Fig. 5a: Cynthia Shartzer stands beside a line of three ancient holes cut on the cliff edge directly opposite the apex of the pinnacle.  The third hole, not visible in the photo, is cut at the level of Ms. Shartzer’s feet.

Fig. 5b: Plan showing the line of three holes cut on the cliff edge in relation to the top of the pinnacle and the inscribed panel.  Line “A-B” indicates the line of the cross-section, drawn below.  Point  “C” indicates a partially cut hole, abandoned in favor of hole “B”.  Point “D” indicates the place where a rock rise has been cut down about 70-90 cm with chisels to the level of “A”.   Point “X” locates the incised ancient mark, enlarged at left.  Drawing:  T. Kendall.

Although the large upper (eastern) hole was empty, dust and sand completely filled the lower (western) hole.  When we excavated this, we discovered to our surprise that the hole, to a depth of 30 cm, was filled with ancient mortar, which still bore the clear imprint of a square cut wooden post that had been set upright in it (fig. 6).  About 80 cm in front of this hole, the shallow depression of another unfinished hole, also 45 cm in diameter, can still be seen.  This suggests that the lower hole - and perhaps the entire line of holes - had at first been planned to be 80 cm closer to the cliff edge.  This plan had obviously been abandoned at an early stage in favor of the less risky final position.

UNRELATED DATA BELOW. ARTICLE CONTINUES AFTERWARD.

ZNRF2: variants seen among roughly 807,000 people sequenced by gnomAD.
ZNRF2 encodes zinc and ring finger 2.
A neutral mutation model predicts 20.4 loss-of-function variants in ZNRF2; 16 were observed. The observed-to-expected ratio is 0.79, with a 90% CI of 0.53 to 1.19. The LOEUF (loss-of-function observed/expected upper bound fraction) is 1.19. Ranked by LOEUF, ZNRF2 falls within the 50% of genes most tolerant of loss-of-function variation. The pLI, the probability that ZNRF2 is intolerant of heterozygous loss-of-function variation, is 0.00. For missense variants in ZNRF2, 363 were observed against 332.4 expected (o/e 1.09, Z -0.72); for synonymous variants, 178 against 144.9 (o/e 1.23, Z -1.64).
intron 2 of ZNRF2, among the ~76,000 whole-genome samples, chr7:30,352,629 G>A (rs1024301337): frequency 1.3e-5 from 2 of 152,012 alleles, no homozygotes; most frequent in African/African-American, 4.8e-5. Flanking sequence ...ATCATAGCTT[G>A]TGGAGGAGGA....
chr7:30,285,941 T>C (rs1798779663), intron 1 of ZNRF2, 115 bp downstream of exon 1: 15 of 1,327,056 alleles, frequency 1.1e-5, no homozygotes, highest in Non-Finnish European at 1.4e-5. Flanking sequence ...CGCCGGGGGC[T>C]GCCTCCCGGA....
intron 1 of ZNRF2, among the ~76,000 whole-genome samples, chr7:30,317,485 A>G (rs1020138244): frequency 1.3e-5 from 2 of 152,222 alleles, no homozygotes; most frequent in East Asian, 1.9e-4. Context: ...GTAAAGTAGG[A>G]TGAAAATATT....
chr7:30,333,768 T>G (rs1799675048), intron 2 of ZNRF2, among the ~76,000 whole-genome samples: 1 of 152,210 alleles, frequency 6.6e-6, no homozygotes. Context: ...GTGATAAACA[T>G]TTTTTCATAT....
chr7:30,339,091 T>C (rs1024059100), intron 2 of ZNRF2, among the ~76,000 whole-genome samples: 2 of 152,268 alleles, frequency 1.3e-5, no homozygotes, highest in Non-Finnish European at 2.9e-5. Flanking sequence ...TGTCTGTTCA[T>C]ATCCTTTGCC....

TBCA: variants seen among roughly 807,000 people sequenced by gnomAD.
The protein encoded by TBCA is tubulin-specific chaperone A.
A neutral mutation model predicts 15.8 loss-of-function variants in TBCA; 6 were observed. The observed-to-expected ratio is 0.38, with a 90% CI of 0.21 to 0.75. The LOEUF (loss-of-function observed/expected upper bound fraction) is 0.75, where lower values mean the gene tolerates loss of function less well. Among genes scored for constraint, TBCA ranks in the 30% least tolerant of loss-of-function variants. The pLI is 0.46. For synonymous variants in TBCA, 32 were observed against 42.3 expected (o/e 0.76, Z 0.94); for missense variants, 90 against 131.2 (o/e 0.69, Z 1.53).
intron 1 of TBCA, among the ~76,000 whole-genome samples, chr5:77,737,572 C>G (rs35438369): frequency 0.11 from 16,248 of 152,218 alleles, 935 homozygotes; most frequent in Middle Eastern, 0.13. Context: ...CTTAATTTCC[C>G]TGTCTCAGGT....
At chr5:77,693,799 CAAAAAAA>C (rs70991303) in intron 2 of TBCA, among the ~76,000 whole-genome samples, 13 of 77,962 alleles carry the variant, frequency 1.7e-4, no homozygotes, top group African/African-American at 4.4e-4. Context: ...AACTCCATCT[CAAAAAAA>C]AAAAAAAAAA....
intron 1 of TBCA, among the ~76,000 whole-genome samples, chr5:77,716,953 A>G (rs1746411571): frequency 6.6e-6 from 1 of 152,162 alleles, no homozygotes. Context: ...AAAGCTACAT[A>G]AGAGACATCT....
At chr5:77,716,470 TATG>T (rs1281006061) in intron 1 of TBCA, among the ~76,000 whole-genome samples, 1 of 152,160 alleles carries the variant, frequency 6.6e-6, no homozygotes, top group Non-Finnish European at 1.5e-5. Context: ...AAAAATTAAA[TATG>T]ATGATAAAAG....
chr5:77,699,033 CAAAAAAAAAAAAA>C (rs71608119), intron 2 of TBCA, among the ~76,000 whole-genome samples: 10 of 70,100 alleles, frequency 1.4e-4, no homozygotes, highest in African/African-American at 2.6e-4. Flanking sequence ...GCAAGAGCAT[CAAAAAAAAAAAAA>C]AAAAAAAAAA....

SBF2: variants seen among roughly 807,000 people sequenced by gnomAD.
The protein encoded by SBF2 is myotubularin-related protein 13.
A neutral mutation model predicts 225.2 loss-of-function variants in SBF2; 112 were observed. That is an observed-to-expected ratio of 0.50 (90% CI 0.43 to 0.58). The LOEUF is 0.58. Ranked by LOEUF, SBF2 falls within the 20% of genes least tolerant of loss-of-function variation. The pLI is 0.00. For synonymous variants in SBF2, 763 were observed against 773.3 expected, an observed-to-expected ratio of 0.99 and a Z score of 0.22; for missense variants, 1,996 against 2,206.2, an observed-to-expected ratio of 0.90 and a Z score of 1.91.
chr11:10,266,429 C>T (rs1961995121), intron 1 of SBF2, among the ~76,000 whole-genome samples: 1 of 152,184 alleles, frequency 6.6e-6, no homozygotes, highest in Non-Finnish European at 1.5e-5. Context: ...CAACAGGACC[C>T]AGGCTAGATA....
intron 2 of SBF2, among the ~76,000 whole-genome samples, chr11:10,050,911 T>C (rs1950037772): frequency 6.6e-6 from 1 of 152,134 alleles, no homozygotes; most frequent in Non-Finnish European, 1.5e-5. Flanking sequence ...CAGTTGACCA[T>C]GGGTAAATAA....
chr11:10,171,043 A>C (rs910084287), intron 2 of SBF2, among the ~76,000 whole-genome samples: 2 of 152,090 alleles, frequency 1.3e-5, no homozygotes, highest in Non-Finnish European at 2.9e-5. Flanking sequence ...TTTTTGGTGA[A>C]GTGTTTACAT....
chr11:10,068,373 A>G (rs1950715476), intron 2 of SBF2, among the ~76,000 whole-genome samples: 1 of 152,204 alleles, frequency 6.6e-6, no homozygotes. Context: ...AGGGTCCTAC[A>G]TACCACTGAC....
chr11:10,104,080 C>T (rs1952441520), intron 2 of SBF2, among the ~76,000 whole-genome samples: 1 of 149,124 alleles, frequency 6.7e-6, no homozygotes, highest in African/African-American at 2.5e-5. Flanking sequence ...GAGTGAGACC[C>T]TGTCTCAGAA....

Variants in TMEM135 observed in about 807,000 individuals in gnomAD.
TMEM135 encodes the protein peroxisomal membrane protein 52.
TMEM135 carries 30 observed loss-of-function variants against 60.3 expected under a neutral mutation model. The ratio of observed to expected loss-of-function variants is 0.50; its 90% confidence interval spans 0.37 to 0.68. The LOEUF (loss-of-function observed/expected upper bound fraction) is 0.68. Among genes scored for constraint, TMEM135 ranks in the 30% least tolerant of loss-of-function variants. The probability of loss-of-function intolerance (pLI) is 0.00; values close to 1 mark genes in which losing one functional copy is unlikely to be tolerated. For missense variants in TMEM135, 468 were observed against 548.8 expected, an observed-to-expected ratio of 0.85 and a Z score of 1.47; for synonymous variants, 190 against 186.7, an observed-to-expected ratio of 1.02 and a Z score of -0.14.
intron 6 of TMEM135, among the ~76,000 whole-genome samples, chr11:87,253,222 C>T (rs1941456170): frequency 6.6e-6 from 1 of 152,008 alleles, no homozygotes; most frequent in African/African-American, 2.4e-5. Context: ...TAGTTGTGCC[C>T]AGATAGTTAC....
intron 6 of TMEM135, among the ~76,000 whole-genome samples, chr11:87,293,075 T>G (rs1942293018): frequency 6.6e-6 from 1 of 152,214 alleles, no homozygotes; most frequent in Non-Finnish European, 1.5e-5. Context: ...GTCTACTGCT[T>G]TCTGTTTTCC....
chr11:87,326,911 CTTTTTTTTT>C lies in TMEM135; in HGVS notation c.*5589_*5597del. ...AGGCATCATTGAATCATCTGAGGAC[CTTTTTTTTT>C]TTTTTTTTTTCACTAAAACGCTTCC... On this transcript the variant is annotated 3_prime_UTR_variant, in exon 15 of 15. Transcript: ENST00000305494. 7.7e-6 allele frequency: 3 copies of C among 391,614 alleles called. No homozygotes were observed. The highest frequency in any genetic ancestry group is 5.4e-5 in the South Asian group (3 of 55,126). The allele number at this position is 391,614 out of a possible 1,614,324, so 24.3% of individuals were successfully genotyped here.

Fig. 6: View into the excavated interior of the right (western) hole on the cliff edge, revealing that it had been partially filled with mortar.  The mortar still bears the imprint of a square-cut post that had been set upright in it.

Given the arrangement and placement of the three holes on the cliff edge, it appeared to me initially that they must have served as supports for posts of a suspension bridge (Kendall 1986, 5-7). I imagined that ropes had somehow been thrown over the pinnacle peak and secured to the posts on the cliff, and that it was by such means that the ancient sculptors had been able to reach the summit of the pinnacle to carve the inscription.  At the time this seemed the only possible explanation, but the following season I would be proven completely wrong. The reality was something far more surprising and complex.